After an Assassination, Russia and Turkey Will Crush Their Enemies

Moscow and Ankara will ruthlessly exact punishment in Syria and elsewhere

his picture taken on December 19, 2016 shows Andrey Karlov (R), the Russian ambassador to Ankara, lying on the floor after being shot to death by a gunman.
his picture taken on December 19 shows Andrey Karlov (R), the Russian ambassador to Ankara, lying on the floor after being shot to death by a gunman. HASIM KILIC/AFP/Getty Images

Russia’s ambassador to Turkey, Andrey G. Karlov, was shot in the back and murdered today by a Turkish body guard/police officer while giving a speech at the Contemporary Arts Center in Ankara. As shocked spectators at the event fled, the assassin, dressed in a black suit, white shirt and black tie, shouted “Remember Aleppo” and “Allahu Akbar“(Allah is Greatest), the slogan of the Muslim terrorist.

But this act of war thought will not achieve the objectives of its plotters. On the contrary, it will almost certainly backfire, cementing Turkish-Russian relations and strengthening both countries’ commitment to crush ISIS and al Nusra. It will give Turkish president Recep Tayyip Erdogan more leeway to deploy even stronger tactics to squelch any challenge to his authority and permit Russia to ruthlessly exact punishment in Syria and elsewhere.

Turkish Interior Minister Suleiman Soylu confirmed the assassination details in a press conference held shortly after the assassination took place: The assassin was a 22-year-old active police officer named Mevlut Mert Altintas. He was positioned behind the Russian ambassador during what would be his final speech. It was the perfect position to morder. He carried out his assignment by shooting the Russian ambassador in the back. Altintas then strutted around Ambassador Karlov’s corpse on the floor. He shot several more times in the air before being neutralized, the military euphemism for being killed on the spot.

President Erdogan of Turkey personally briefed Russian President Putin on the assassination. Turkey wants to avoid another crisis between the two countries. In November 2015, Turkey shot down a Russian jet, spurring a crisis between the trading partners that only eased after Turkey formally apologized earler this year.

Interior Minister Soylu announced that Turkish Foreign Minister Mevlut Cavusoglu had just touched down in Moscow when the assassination took place. Turkish Defense Minister Fikri Isik will now join him in Moscow. The Turks are in Russia to participate in a previously scheduled trilateral meeting between Russia, Turkey and Iran on the subject of Syria, which is scheduled to take place on Wednesday.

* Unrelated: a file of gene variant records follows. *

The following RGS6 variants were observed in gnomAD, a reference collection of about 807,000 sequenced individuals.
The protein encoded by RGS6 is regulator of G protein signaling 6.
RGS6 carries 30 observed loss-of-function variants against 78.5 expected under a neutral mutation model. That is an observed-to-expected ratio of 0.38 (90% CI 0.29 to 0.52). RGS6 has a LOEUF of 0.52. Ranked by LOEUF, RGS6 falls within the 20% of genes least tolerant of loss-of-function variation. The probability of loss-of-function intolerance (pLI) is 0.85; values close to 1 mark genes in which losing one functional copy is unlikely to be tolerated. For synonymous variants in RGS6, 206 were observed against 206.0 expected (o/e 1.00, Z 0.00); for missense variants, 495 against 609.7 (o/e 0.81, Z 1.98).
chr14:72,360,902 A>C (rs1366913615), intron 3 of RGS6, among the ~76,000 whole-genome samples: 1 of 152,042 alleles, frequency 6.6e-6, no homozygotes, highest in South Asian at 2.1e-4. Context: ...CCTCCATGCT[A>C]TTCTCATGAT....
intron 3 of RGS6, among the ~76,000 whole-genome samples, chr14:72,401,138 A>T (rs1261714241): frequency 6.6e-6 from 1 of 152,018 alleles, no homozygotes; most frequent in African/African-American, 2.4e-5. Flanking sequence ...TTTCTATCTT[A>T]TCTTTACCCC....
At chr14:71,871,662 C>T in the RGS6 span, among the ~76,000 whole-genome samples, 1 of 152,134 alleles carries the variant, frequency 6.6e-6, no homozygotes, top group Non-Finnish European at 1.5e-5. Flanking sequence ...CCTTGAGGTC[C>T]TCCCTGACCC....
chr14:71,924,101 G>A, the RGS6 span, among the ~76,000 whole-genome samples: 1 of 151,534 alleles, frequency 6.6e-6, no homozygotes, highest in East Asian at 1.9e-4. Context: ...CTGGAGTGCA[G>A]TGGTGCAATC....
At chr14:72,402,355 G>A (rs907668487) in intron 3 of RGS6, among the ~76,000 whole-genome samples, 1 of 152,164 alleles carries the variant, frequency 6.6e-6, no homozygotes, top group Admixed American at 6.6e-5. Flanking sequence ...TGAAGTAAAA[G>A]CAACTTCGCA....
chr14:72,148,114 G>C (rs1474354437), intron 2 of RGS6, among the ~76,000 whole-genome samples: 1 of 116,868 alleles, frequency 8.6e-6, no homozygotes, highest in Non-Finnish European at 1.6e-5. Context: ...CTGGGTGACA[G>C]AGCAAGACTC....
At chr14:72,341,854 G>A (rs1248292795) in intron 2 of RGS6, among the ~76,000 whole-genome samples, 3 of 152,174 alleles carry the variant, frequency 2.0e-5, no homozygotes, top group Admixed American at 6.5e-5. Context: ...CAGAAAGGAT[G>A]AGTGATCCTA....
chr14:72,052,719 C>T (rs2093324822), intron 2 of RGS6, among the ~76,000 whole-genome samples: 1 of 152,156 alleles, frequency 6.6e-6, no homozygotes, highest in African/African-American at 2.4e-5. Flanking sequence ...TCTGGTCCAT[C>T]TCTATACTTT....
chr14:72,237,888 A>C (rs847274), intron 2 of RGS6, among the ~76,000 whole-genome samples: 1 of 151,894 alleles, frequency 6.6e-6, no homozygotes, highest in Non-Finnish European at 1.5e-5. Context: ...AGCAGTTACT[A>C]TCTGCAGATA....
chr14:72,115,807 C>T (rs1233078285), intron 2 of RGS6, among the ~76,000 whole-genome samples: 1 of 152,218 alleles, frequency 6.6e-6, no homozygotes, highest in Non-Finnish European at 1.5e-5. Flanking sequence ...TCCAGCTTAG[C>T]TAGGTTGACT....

The thinking behind the assassination is myopic and muddled, since Russia is famously ruthless and quick to exact justice. Russia will quickly find out who was behind the assassination. They will then discover all the parties involved—directly and indirectly—and all those parties will be held accountable.

ISIS members will undoubtedly head the list.

Ever since July’s failed coup and the attempt to topple Erdogan from his position as president, Turkish police and the military have been subject to a massive purge. One would have thought that after gutting the police force of tens of thousands of Erdogan infidels, the government would have uncovered and arrested someone like Mevlut Melt Altintas.

But the purges/investigations of the Turkish police force were not ISIS-oriented. Investigators instead scrutinized army personnel who had leanings toward liberal democracy and those who may have connections to the Kurds. Investigators were not interested in personnel with Islamic leanings, in fact, it was the Islamists who Erdogan most trusted to secure his personal standing in Turkey.

Erdogan misread a subtle and nuanced situation—and now he will be paying the price for his tunnel vision. Islamists are not mono-dimensional. Yes, they reject the modern state. But they also reject Russian influence in the region and reject Egrdoan and Turkey for joining forces to oust ISIS and al Nusra from the region.

Turkey will now help Russia. And together the two allies will inflict pain and suffering on those responsible for the assassination. Russia needs everyone—in the region and around the globe—to understand that attacking Russia is unacceptable. For Russia, it is about exacting punishment, creating fear and respect. Turkey, on the other hand, just needs to save face.

After an Assassination, Russia and Turkey Will Crush Their Enemies